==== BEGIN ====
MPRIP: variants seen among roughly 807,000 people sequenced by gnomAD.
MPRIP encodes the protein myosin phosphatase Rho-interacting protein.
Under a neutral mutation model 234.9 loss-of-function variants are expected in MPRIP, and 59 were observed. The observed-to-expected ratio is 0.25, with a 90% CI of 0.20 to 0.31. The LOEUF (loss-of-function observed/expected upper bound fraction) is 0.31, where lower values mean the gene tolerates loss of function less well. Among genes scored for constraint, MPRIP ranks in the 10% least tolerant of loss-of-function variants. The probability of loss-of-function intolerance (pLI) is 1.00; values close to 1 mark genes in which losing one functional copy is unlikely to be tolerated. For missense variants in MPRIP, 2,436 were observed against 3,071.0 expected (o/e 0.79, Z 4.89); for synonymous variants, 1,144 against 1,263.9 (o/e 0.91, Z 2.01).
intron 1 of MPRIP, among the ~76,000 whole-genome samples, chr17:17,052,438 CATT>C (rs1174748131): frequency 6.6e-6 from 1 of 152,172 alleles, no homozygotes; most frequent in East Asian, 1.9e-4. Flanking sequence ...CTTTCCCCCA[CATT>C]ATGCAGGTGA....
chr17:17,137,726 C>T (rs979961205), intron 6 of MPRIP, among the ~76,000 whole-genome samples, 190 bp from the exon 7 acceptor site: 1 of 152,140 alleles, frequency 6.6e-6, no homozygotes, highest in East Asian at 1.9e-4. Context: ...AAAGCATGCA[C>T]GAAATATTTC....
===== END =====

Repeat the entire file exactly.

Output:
MPRIP: variants seen among roughly 807,000 people sequenced by gnomAD.
MPRIP encodes the protein myosin phosphatase Rho-interacting protein.
Under a neutral mutation model 234.9 loss-of-function variants are expected in MPRIP, and 59 were observed. The observed-to-expected ratio is 0.25, with a 90% CI of 0.20 to 0.31. The LOEUF (loss-of-function observed/expected upper bound fraction) is 0.31, where lower values mean the gene tolerates loss of function less well. Among genes scored for constraint, MPRIP ranks in the 10% least tolerant of loss-of-function variants. The probability of loss-of-function intolerance (pLI) is 1.00; values close to 1 mark genes in which losing one functional copy is unlikely to be tolerated. For missense variants in MPRIP, 2,436 were observed against 3,071.0 expected (o/e 0.79, Z 4.89); for synonymous variants, 1,144 against 1,263.9 (o/e 0.91, Z 2.01).
intron 1 of MPRIP, among the ~76,000 whole-genome samples, chr17:17,052,438 CATT>C (rs1174748131): frequency 6.6e-6 from 1 of 152,172 alleles, no homozygotes; most frequent in East Asian, 1.9e-4. Flanking sequence ...CTTTCCCCCA[CATT>C]ATGCAGGTGA....
chr17:17,137,726 C>T (rs979961205), intron 6 of MPRIP, among the ~76,000 whole-genome samples, 190 bp from the exon 7 acceptor site: 1 of 152,140 alleles, frequency 6.6e-6, no homozygotes, highest in East Asian at 1.9e-4. Context: ...AAAGCATGCA[C>T]GAAATATTTC....